Parents will have eternal claim upon their posterity and will have the gift of eternal increase, if they obtain the exaltation. This is the crowning glory in the kingdom of God, and they will have no end. When the Lord says they will have no end, he means that all who attain to this glory will have the blessing of the continuation of the 'seeds' forever. Those who fail to obtain this blessing come to the 'deaths,' which means that they will have no increase forever. All who obtain this exaltation will have the privilege of completing the full measure of their existence, and they will have a posterity that will be as innumerable as the stars of heaven . . . .
The Father has promised us that through our faithfulness we shall be blessed with the fulness of his kingdom. In other words we will have the privilege of becoming like him. To become like him we must have all the powers of godhood; thus a man and his wife when glorified will have spirit children who eventually will go on an earth like this one we are on and pass through the same kind of experiences, being subject to mortal conditions, and if faithful, then they also will receive the fulness of exaltation and partake of the same blessings. There is no end to this development; it will go on forever. We will become gods and have jurisdiction over worlds, and these worlds will be peopled by our own offspring. We will have an endless eternity for this. (Smith, Doctrines of Salvation, 2:43-44, 48.)
Thus ends the discussion of celestial marriage and the nature of God in this student manual, used by the LDS Church to instruct its own people concerning the nature of God. The reality of the eternal law of progression could not be more clearly pronounced. The goal of the Mormon gospel of exaltation to godhood is plainly stated: We will become gods and have jurisdiction over worlds, and these worlds will be peopled by our own offspring.
Before turning to the statements of General Authorities as they speak in Conference, I wish to reiterate how important is this section of materials from the publications of the LDS Church itself. What is said "in house" is always more revealing, and more honest, than what is said to those outside. We well know that when speaking amongst our own friends and compatriots we speak more directly than we often would in another situation. When we look at the statements of the LDS Scriptures, or leading authorities, we can run into situations where a word or phrase might be taken in another way. But when we read the plain statements of the Church to her own people, there can be little doubt of the doctrine of the Church regarding God as an exalted man, and men as Gods in embryo. And I must also point out that while some modern LDS would like to be free of the weight of the teachings of a Bruce McConkie or Joseph Fielding Smith, the Church itself cites from these sources as authoritative, accurate, and correct. How can anyone complain that such sources are merely speculative when cited by non-Mormons, when they are authoritative when cited by the LDS hierarchy?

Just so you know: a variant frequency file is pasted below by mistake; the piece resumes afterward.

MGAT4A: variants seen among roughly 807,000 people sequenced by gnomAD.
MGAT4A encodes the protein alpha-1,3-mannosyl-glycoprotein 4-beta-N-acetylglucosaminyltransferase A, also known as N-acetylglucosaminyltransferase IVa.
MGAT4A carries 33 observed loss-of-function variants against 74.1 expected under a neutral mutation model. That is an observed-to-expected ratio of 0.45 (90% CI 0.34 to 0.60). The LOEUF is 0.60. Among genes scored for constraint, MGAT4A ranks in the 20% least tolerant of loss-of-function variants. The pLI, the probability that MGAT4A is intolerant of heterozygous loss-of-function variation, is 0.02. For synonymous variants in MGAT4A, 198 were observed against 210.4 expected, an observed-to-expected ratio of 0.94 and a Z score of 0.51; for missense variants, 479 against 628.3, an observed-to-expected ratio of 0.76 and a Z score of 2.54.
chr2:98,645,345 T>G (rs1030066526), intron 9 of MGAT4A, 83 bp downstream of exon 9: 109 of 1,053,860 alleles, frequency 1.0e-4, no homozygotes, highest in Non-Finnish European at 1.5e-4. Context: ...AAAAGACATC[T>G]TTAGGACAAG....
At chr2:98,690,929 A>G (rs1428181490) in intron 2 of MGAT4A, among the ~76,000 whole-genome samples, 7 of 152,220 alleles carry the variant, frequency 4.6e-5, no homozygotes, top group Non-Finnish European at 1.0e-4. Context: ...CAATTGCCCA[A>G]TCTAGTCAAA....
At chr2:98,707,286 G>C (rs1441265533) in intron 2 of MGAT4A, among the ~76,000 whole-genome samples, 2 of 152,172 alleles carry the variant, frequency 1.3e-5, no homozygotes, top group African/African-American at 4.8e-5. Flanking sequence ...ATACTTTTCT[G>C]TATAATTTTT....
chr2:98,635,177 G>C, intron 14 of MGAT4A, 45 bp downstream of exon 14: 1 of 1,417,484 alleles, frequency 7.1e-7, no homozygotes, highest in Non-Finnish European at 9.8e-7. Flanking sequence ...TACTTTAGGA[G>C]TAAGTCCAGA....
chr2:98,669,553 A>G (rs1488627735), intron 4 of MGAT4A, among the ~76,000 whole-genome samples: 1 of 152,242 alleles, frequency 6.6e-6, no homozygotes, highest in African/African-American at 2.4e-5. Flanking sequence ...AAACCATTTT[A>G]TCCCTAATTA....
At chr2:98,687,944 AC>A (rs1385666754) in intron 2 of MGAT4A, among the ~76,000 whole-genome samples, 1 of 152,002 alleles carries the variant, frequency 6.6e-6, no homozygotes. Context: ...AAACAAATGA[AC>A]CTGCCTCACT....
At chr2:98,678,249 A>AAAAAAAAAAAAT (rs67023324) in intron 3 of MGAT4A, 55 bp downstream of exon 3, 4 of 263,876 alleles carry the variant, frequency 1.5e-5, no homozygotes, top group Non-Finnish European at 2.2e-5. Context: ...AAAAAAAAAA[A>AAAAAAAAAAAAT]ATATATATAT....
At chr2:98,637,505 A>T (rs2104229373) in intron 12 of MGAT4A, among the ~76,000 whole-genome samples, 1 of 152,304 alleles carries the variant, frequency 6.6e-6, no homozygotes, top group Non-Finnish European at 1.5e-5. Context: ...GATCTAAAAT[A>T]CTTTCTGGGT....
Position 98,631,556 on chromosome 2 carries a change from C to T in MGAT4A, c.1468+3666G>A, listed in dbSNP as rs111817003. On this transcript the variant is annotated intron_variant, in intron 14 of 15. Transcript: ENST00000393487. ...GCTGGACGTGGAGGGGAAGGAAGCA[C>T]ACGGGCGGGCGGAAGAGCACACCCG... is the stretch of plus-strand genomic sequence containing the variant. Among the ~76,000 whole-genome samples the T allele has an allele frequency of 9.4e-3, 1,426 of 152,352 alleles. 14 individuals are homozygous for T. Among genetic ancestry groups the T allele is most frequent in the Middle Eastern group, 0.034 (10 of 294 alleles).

Mormonism 101: Third Level Statements (#2)
07/06/2007 - James WhiteStudent Manual
The LDS Church also offers various courses in religion and doctrine, and publishes manuals to go along with these courses. One such manual, Doctrines of the Gospel, is meant for the Religion 231 and 232 classes. Early on (Chapter 3) it addresses the nature of God from the LDS viewpoint. We should no longer be surprised that as soon as the topic is broached, Joseph Smith's King Follett sermon is cited as authoritative by this official Church publication. But then we have an interesting statement from Spencer W. Kimball:
God made man in his own image and certainly he made woman in the image of his wife-partner (Spencer W. Kimball, The Teachings of Spencer W. Kimball, p.25).Again we encounter the concept of the heavenly Mother, God's wife in heaven, and have the interesting assertion that women are made, not in the image of God, but in the image of God's wife-partner.
The discussion goes on, eventually coming to the topic, "The Father presides over the Godhead." Mormon Apostle Bruce R. McConkie is cited so as to define what the Godhead is:
Three glorified, exalted, and perfected personages comprise the Godhead or supreme presidency of the universe. . . . They are: God the Father; God the Son; God the Holy Ghost.The unity of the Godhead, then, is not an ontological unity (that is, a unity of being), but a unity of agreement between three separate and distinct entities. These entities occupy space and can be in but one place at one time. So in essence, the unity of the Godhead in Mormon theology would be akin to saying the Congress is one in agreeing on a bill, while consisting of multiple separate entities or persons.